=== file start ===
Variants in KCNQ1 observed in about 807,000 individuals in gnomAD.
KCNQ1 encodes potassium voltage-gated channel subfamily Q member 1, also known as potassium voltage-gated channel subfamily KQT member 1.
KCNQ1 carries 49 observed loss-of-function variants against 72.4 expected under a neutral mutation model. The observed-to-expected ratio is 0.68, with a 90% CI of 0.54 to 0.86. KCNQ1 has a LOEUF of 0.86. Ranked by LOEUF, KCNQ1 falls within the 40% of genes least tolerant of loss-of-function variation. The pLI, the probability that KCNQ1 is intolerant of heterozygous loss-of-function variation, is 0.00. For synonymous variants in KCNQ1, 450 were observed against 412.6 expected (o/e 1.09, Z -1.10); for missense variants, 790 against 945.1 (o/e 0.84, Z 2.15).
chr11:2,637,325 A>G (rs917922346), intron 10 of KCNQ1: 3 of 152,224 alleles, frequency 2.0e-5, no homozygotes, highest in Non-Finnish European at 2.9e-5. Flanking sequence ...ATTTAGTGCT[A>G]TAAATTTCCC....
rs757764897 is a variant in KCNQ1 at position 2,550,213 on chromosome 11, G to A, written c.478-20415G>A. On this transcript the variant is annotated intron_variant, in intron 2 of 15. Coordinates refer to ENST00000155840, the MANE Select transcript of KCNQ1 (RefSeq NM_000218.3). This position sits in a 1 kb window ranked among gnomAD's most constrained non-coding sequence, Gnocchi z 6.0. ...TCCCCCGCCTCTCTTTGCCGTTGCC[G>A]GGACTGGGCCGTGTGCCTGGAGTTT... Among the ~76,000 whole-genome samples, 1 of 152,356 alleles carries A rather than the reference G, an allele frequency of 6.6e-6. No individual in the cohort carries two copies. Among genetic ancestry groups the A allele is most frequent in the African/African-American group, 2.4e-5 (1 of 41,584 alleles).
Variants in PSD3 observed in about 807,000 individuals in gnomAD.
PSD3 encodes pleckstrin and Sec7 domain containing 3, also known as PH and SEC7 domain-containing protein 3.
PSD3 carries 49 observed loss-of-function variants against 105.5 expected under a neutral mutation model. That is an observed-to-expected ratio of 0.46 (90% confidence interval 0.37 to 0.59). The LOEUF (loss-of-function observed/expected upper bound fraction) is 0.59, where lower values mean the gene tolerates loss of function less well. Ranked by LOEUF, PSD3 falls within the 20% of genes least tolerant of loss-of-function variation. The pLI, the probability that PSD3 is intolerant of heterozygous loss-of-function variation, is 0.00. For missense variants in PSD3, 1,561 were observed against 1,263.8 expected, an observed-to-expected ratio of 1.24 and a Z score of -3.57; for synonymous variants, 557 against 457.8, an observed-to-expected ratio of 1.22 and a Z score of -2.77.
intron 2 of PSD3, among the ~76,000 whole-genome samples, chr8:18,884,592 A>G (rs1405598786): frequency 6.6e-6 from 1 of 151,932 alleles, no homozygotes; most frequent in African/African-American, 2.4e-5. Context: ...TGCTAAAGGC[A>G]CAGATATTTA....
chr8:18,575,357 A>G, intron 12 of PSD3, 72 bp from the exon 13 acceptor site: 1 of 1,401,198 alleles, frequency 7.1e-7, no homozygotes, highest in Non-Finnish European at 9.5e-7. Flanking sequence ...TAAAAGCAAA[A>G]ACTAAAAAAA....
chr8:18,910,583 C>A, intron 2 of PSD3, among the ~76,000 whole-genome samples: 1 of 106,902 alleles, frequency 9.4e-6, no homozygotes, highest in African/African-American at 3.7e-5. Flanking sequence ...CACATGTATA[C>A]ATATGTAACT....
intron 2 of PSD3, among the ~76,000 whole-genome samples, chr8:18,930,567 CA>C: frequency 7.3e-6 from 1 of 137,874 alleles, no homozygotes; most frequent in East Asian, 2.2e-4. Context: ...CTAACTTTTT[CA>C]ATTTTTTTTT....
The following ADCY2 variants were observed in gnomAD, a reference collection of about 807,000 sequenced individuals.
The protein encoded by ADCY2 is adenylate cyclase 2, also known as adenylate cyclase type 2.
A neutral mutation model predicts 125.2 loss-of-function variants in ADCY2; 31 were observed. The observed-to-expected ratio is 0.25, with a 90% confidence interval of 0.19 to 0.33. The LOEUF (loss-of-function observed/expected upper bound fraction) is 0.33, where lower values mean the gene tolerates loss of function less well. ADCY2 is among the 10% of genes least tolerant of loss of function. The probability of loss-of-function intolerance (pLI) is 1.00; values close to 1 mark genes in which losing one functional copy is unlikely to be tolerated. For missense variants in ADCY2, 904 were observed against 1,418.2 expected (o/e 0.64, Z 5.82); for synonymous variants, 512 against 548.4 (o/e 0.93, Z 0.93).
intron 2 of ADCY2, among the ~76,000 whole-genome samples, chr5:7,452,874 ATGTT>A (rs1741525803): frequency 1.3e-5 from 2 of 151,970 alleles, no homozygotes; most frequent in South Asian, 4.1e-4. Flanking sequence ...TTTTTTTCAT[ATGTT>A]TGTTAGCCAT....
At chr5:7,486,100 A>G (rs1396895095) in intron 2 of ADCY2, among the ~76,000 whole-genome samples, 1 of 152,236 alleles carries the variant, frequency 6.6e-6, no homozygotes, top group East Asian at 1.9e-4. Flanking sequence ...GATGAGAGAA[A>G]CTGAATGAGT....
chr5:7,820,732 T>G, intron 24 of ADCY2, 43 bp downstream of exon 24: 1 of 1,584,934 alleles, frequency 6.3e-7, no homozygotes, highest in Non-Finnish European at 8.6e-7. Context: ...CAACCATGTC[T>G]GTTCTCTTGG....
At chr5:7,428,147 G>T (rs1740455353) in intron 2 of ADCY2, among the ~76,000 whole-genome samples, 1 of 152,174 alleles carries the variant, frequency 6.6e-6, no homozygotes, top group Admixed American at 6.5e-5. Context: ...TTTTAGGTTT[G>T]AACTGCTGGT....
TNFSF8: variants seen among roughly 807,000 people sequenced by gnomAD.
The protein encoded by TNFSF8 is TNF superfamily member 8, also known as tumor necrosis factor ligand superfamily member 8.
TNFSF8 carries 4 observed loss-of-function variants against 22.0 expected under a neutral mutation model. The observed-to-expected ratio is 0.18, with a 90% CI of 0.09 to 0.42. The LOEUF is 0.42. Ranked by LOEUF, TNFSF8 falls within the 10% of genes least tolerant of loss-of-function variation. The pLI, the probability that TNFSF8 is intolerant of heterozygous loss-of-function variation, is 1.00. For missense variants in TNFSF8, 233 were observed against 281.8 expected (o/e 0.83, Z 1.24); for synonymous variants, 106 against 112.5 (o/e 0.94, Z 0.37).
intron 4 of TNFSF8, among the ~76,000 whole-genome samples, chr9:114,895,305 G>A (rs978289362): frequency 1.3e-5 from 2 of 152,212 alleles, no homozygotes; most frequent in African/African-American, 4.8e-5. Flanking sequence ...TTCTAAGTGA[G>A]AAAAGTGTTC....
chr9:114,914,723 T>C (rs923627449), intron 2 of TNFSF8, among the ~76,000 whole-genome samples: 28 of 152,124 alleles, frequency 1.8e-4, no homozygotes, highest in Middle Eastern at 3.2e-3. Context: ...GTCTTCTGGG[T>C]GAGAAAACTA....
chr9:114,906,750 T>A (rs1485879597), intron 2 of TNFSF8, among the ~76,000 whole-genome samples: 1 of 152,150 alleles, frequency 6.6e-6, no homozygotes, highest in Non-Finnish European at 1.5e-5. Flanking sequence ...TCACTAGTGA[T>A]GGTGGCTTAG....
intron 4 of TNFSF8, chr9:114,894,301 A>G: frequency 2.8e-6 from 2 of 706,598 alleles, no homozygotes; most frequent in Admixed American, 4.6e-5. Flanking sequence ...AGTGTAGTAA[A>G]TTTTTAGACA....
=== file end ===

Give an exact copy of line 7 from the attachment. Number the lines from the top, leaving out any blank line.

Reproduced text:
PSD3 encodes pleckstrin and Sec7 domain containing 3, also known as PH and SEC7 domain-containing protein 3.